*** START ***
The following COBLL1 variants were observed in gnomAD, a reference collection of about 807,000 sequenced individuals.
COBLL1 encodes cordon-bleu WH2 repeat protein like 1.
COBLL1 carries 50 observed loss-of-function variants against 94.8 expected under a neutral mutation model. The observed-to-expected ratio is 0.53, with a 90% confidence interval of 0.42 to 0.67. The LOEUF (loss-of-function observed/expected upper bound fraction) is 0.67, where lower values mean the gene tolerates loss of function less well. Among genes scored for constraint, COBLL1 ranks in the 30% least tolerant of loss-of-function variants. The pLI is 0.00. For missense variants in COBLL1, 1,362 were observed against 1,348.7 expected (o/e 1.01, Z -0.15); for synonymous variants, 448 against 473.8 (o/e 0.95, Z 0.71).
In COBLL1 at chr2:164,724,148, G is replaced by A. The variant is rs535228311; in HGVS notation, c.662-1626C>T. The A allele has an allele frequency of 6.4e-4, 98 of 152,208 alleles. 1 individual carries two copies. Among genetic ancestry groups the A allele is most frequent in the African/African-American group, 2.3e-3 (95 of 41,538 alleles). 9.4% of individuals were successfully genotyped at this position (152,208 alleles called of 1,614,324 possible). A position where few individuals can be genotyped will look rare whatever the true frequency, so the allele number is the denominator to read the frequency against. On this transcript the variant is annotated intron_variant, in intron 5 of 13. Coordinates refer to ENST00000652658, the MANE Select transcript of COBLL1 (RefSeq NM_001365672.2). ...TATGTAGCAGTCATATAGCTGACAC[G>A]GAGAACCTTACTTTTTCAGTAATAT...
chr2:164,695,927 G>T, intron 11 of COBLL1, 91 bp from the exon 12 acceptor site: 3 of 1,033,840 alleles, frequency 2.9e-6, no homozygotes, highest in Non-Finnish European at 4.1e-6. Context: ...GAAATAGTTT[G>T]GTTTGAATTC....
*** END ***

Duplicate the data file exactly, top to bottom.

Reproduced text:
The following COBLL1 variants were observed in gnomAD, a reference collection of about 807,000 sequenced individuals.
COBLL1 encodes cordon-bleu WH2 repeat protein like 1.
COBLL1 carries 50 observed loss-of-function variants against 94.8 expected under a neutral mutation model. The observed-to-expected ratio is 0.53, with a 90% confidence interval of 0.42 to 0.67. The LOEUF (loss-of-function observed/expected upper bound fraction) is 0.67, where lower values mean the gene tolerates loss of function less well. Among genes scored for constraint, COBLL1 ranks in the 30% least tolerant of loss-of-function variants. The pLI is 0.00. For missense variants in COBLL1, 1,362 were observed against 1,348.7 expected (o/e 1.01, Z -0.15); for synonymous variants, 448 against 473.8 (o/e 0.95, Z 0.71).
In COBLL1 at chr2:164,724,148, G is replaced by A. The variant is rs535228311; in HGVS notation, c.662-1626C>T. The A allele has an allele frequency of 6.4e-4, 98 of 152,208 alleles. 1 individual carries two copies. Among genetic ancestry groups the A allele is most frequent in the African/African-American group, 2.3e-3 (95 of 41,538 alleles). 9.4% of individuals were successfully genotyped at this position (152,208 alleles called of 1,614,324 possible). A position where few individuals can be genotyped will look rare whatever the true frequency, so the allele number is the denominator to read the frequency against. On this transcript the variant is annotated intron_variant, in intron 5 of 13. Coordinates refer to ENST00000652658, the MANE Select transcript of COBLL1 (RefSeq NM_001365672.2). ...TATGTAGCAGTCATATAGCTGACAC[G>A]GAGAACCTTACTTTTTCAGTAATAT...
chr2:164,695,927 G>T, intron 11 of COBLL1, 91 bp from the exon 12 acceptor site: 3 of 1,033,840 alleles, frequency 2.9e-6, no homozygotes, highest in Non-Finnish European at 4.1e-6. Context: ...GAAATAGTTT[G>T]GTTTGAATTC....